Third Sunday of Lent: A warning for us

Third Sunday of Lent: A warning for us

Our second reading from chapter 10 of the 1st letter of St. Paul to the Corinthians is one of my favourite passages in Paul’s letters, largely because it offers us an insight into the way St. Paul reinterpreted the Old Testament in the light of Christ and applied it to his own day. 
In context these verses are part of a broader argument against idolatry which begins in chapter 8 and concludes in chapter 11. At stake is the question of whether a Christian may attend cultic meals, whether a Christian may eat meat that is sacrificed to idols. Now in chapter eight Paul has already acknowledged that the pagan deities have no real existence at all, and so it is strictly speaking true that the meat offered to these idols is no different to any other meat. Yet Paul is clearly not happy that the Corinthian Christians are attending pagan sacrifices and in chapter nine he tells us why: first, they might scandalize fellow Christians who might misunderstand their actions; and second, they may not be as immune to the perils of temptation as they might like to think. 
It is against this backdrop that our second reading appears. Paul warns the Corinthians of the dangerous line they are treading by drawing their attention to the turbulent history of the people of Israel, in particular the sins and rebellions, the slide into idolatry, that followed their Exodus from Egypt. He does this by emphasizing from the first verse of chapter ten the continuity between the Christian community and the People of Israel, the continuity between what God has done in the past and what God is doing now. 
The first point to notice, then, is that Paul calls the Patriarchs of Israel ‘our fathers’ or ‘our ancestors’ (1 Cor 10:1a) even though the majority of the Corinthian community would have been Gentiles. He reminds his readers that the Christian God, the God of the Corinthian Church is the God of Abraham, the God of Isaac, and the God of Jacob: it is the same God that once addressed Moses from the burning bush in our first reading is now addressing us in Jesus Christ. The history of Israel is now the history of the Corinthian Church: Paul has recognised that Jesus as Messiah fulfilled Israel’s mission to be a light to the nations. It is because Paul understood Jesus to be the fulfilment of Torah that he is able to re-interpret the Pentateuch and see in it a narrative that now stretches from the creation of the world to include the Christian community in Corinth, and of course on into our own day.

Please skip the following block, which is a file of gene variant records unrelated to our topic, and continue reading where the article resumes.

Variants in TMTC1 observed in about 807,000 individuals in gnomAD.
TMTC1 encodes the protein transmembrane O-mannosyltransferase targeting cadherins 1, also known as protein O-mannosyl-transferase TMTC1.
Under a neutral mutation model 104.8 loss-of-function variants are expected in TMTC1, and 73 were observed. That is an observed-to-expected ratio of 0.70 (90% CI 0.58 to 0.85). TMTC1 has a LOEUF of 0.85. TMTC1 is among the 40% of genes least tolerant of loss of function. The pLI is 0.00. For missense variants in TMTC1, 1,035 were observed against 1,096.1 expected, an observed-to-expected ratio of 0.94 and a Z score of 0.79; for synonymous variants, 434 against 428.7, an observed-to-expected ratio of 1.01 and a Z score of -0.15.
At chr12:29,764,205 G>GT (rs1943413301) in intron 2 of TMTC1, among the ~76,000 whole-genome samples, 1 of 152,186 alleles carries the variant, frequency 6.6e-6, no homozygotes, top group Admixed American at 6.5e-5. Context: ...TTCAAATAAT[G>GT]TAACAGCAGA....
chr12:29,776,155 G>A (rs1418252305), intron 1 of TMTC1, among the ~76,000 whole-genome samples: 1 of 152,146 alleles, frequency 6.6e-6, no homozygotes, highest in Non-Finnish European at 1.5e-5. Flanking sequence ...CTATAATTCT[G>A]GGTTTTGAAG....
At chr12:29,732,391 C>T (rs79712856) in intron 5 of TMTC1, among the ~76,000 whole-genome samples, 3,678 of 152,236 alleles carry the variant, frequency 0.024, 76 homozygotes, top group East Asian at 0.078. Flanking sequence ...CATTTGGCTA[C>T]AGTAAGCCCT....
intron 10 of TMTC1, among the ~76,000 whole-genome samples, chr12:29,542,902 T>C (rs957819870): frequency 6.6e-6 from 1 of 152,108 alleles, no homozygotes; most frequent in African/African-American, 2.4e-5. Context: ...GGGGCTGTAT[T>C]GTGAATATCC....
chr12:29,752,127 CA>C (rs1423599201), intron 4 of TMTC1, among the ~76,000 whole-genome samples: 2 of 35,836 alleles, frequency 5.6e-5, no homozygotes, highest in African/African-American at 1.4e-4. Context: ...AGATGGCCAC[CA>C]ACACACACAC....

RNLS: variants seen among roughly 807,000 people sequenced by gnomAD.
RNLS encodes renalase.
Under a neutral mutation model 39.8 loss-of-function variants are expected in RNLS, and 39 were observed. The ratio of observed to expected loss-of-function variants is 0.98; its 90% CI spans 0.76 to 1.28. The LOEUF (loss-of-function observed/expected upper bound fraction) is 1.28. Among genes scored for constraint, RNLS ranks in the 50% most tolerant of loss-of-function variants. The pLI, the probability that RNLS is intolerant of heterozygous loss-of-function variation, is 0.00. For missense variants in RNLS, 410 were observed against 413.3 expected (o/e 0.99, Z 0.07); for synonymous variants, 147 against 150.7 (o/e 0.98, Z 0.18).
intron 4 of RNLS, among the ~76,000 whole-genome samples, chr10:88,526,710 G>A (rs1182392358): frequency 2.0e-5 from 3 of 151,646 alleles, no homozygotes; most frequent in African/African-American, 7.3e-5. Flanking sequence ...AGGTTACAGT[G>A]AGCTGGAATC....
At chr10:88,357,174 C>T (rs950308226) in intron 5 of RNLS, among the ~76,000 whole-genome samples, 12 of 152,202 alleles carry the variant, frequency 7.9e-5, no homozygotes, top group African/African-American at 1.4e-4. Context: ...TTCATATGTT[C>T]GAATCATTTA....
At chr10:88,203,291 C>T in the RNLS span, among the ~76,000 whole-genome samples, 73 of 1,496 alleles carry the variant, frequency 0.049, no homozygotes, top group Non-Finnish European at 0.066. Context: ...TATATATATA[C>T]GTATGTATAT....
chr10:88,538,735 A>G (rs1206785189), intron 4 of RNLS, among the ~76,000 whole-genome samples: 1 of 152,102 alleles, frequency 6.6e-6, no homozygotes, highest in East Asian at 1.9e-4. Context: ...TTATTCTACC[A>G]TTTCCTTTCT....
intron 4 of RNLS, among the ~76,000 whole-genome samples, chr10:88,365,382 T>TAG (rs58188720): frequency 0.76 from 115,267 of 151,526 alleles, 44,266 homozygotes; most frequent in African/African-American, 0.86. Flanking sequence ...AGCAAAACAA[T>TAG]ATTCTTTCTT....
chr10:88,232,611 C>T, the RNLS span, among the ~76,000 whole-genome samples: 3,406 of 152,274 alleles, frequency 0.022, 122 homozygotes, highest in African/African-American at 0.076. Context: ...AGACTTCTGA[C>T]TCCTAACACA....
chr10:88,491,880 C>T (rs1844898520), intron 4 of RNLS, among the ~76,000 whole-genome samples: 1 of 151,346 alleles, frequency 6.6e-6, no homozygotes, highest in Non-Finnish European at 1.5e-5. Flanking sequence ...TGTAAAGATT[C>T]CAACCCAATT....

Paul spends the first four verses of 1 Corinthians 10 drawing attention to the common religious experience of the Corinthian Christians and the Israelites in the desert: like the Church, Israel lived in the presence of God, or as Paul puts it in 1 Cor 10:1b, they were all under the cloud – the cloud being the sign of God’s presence. Like the Church, Israel had undergone a baptism of sorts when Moses led the runaway slaves through the sea as they escaped Egypt. Like the Church, Israel was nourished with spiritual food and drink as it made its way to the Promised Land and, according to Paul, it was Christ who fed Israel as they made their way just as he now feeds and sustains the Church: for they drank from a spiritual rock that followed them, and the rock was Christ (1 Cor 10:4).
Then in verses five and six Paul issues a warning: Nevertheless with most of them God was not pleased; for they were overthrown in the wilderness. Now these things are warnings for us, not to desire evil as they did. (1 Corinthians 10:5-6). 
Paul is bluntly warning his readers, and that includes of course both the Corinthian Church of Paul’s day and the Church of our own day, that our sacramental unity with Christ is not a blank cheque. Sin still means death. God did not tolerate the idolatry of Israel in the desert: the idolatry of the Corinthians will be similarly punished. 

In our Gospel taken from Luke we find a similarly direct message coming from Jesus. Twice he tells us: ‘if you do not repent, you will perish as they did’ (Luke 13:3,5), referring on one occasion to the Galileans Pilate had massacred when they came to sacrifice, and on the other to those killed when a tower collapsed at Siloam. Jesus then underlines the point with the parable of the barren fig tree: Israel of course is often symbolized as a vineyard in the Old Testament. This fig tree, then, is planted in the soil of Israel, yet it does not bear fruit. For three years, the same length of time as Jesus’ public ministry, the man who planted this tree comes looking for fruit and finds none. He resolves to give this tree one more year, and if there is still no fruit he will cut it down. Interestingly, in this parable it is the gardener that pleads for the tree, it is the gardener that asks for another year in which he will tend to the tree and give it every opportunity to flourish, and of course in John’s Gospel Mary Magdalene mistakes the Risen Christ for a gardener (John 20:15). 
Both Jesus and Paul, then, are using lessons from Israel’s past to warn us to be ready in the present and in the future. As St. Paul puts it: Now these things happened to them as a warning, but they were written down for our instruction (1 Cor 10:11). Israel succumbed to temptation in the desert and suffered for her sin: we also suffer because of our sins. It is the common insight of the people of God, both Christian and Jewish, that to choose sin, to choose idolatry, to rebel against God is to choose death. But this is not the end of the story: the Christian testimony is that love is stronger than death. If we die with Christ, then we shall live him. So let us recommit ourselves this lent to love, to life, to Christ.

Nicholas Crowe OP

Fr Nicholas Crowe is Prior of the Priory of the Holy Spirit, Oxford.